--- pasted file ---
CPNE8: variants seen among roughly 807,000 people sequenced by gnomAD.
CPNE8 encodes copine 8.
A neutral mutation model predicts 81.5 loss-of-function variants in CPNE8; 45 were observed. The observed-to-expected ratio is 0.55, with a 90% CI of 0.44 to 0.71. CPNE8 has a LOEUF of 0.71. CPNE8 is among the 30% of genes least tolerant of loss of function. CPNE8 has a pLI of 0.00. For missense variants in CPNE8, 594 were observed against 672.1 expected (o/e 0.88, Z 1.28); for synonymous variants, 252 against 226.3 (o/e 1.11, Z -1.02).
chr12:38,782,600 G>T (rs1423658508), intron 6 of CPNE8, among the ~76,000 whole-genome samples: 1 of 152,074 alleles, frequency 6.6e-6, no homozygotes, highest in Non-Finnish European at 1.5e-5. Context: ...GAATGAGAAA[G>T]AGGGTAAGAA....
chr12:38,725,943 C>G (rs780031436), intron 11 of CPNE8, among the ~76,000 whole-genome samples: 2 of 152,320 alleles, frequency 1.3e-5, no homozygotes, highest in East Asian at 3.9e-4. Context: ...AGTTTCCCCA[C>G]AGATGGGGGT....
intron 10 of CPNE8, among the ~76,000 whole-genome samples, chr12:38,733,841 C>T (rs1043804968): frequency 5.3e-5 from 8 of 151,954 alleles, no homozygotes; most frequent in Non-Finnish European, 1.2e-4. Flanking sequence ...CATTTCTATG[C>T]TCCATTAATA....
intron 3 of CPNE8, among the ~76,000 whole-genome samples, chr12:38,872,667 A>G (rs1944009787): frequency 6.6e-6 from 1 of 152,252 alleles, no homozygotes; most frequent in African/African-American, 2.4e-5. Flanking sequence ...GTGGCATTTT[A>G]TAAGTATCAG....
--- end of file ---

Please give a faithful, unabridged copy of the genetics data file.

CPNE8: variants seen among roughly 807,000 people sequenced by gnomAD.
CPNE8 encodes copine 8.
A neutral mutation model predicts 81.5 loss-of-function variants in CPNE8; 45 were observed. The observed-to-expected ratio is 0.55, with a 90% CI of 0.44 to 0.71. CPNE8 has a LOEUF of 0.71. CPNE8 is among the 30% of genes least tolerant of loss of function. CPNE8 has a pLI of 0.00. For missense variants in CPNE8, 594 were observed against 672.1 expected (o/e 0.88, Z 1.28); for synonymous variants, 252 against 226.3 (o/e 1.11, Z -1.02).
chr12:38,782,600 G>T (rs1423658508), intron 6 of CPNE8, among the ~76,000 whole-genome samples: 1 of 152,074 alleles, frequency 6.6e-6, no homozygotes, highest in Non-Finnish European at 1.5e-5. Context: ...GAATGAGAAA[G>T]AGGGTAAGAA....
chr12:38,725,943 C>G (rs780031436), intron 11 of CPNE8, among the ~76,000 whole-genome samples: 2 of 152,320 alleles, frequency 1.3e-5, no homozygotes, highest in East Asian at 3.9e-4. Context: ...AGTTTCCCCA[C>G]AGATGGGGGT....
intron 10 of CPNE8, among the ~76,000 whole-genome samples, chr12:38,733,841 C>T (rs1043804968): frequency 5.3e-5 from 8 of 151,954 alleles, no homozygotes; most frequent in Non-Finnish European, 1.2e-4. Flanking sequence ...CATTTCTATG[C>T]TCCATTAATA....
intron 3 of CPNE8, among the ~76,000 whole-genome samples, chr12:38,872,667 A>G (rs1944009787): frequency 6.6e-6 from 1 of 152,252 alleles, no homozygotes; most frequent in African/African-American, 2.4e-5. Flanking sequence ...GTGGCATTTT[A>G]TAAGTATCAG....